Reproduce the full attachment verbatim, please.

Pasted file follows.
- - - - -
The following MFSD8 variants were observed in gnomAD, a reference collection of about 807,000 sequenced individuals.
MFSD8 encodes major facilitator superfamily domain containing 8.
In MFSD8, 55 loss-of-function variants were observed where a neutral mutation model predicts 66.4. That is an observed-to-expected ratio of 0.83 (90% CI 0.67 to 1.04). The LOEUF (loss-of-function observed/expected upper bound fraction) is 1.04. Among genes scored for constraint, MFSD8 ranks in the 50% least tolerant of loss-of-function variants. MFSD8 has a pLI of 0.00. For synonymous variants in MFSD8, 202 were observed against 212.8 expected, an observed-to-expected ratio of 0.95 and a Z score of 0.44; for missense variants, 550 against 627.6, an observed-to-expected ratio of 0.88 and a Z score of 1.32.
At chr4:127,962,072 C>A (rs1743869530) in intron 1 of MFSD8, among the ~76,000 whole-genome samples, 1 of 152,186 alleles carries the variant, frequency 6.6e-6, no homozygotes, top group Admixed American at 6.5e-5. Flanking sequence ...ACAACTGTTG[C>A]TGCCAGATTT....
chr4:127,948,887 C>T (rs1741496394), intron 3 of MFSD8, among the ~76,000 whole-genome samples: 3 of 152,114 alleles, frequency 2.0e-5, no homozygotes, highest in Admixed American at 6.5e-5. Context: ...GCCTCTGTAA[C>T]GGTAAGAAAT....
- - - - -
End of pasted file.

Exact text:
The following MFSD8 variants were observed in gnomAD, a reference collection of about 807,000 sequenced individuals.
MFSD8 encodes major facilitator superfamily domain containing 8.
In MFSD8, 55 loss-of-function variants were observed where a neutral mutation model predicts 66.4. That is an observed-to-expected ratio of 0.83 (90% CI 0.67 to 1.04). The LOEUF (loss-of-function observed/expected upper bound fraction) is 1.04. Among genes scored for constraint, MFSD8 ranks in the 50% least tolerant of loss-of-function variants. MFSD8 has a pLI of 0.00. For synonymous variants in MFSD8, 202 were observed against 212.8 expected, an observed-to-expected ratio of 0.95 and a Z score of 0.44; for missense variants, 550 against 627.6, an observed-to-expected ratio of 0.88 and a Z score of 1.32.
At chr4:127,962,072 C>A (rs1743869530) in intron 1 of MFSD8, among the ~76,000 whole-genome samples, 1 of 152,186 alleles carries the variant, frequency 6.6e-6, no homozygotes, top group Admixed American at 6.5e-5. Flanking sequence ...ACAACTGTTG[C>A]TGCCAGATTT....
chr4:127,948,887 C>T (rs1741496394), intron 3 of MFSD8, among the ~76,000 whole-genome samples: 3 of 152,114 alleles, frequency 2.0e-5, no homozygotes, highest in Admixed American at 6.5e-5. Context: ...GCCTCTGTAA[C>T]GGTAAGAAAT....